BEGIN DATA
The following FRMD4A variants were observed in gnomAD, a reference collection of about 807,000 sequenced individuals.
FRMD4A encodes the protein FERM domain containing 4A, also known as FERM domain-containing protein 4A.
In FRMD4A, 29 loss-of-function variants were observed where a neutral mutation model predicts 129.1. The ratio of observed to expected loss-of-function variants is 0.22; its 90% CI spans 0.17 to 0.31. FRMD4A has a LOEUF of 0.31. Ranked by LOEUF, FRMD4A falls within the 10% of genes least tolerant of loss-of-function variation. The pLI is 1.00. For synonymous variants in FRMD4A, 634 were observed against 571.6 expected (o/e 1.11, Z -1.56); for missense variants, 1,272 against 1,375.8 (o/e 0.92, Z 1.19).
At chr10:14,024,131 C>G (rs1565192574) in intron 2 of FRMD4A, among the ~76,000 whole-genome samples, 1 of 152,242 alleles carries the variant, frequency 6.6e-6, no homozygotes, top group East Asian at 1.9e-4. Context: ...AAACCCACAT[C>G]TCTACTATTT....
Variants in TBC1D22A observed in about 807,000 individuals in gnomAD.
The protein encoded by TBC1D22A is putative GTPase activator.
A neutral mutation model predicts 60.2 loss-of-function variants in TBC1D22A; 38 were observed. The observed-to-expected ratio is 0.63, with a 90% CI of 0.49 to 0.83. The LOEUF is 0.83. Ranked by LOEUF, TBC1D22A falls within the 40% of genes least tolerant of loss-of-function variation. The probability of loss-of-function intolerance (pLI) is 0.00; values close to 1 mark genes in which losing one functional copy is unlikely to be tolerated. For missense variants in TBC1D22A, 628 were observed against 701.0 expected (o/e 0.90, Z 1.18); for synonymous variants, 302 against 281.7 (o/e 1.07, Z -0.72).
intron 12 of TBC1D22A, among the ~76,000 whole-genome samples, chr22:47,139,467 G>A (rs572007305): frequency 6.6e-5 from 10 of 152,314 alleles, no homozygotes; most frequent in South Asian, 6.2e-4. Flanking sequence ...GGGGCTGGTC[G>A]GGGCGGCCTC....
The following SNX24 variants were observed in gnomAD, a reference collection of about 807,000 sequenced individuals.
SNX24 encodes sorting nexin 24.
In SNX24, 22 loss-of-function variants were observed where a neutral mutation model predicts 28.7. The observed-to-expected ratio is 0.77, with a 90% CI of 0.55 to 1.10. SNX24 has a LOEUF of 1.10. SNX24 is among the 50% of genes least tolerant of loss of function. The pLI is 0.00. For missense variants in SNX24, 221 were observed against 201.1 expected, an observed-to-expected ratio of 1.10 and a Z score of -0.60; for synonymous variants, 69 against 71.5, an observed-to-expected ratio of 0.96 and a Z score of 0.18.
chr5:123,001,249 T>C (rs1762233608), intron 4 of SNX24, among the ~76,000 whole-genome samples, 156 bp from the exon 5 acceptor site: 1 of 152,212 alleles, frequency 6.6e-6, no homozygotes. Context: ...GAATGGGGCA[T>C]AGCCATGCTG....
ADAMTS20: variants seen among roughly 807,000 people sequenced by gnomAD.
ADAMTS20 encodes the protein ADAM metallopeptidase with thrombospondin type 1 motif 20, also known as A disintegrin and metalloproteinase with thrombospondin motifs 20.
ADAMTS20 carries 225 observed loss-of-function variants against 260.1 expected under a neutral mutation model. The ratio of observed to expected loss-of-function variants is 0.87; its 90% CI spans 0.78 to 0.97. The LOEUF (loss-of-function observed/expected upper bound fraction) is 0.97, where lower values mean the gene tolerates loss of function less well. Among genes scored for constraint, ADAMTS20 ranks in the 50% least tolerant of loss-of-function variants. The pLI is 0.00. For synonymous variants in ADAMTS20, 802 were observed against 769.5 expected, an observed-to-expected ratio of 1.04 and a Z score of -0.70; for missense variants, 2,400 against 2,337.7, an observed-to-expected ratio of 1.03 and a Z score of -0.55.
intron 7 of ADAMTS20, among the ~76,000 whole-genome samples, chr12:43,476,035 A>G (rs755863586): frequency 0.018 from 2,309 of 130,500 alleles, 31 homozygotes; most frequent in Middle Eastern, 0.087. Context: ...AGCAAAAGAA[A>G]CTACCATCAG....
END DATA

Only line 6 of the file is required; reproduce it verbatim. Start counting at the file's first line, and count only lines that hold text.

The protein encoded by TBC1D22A is putative GTPase activator.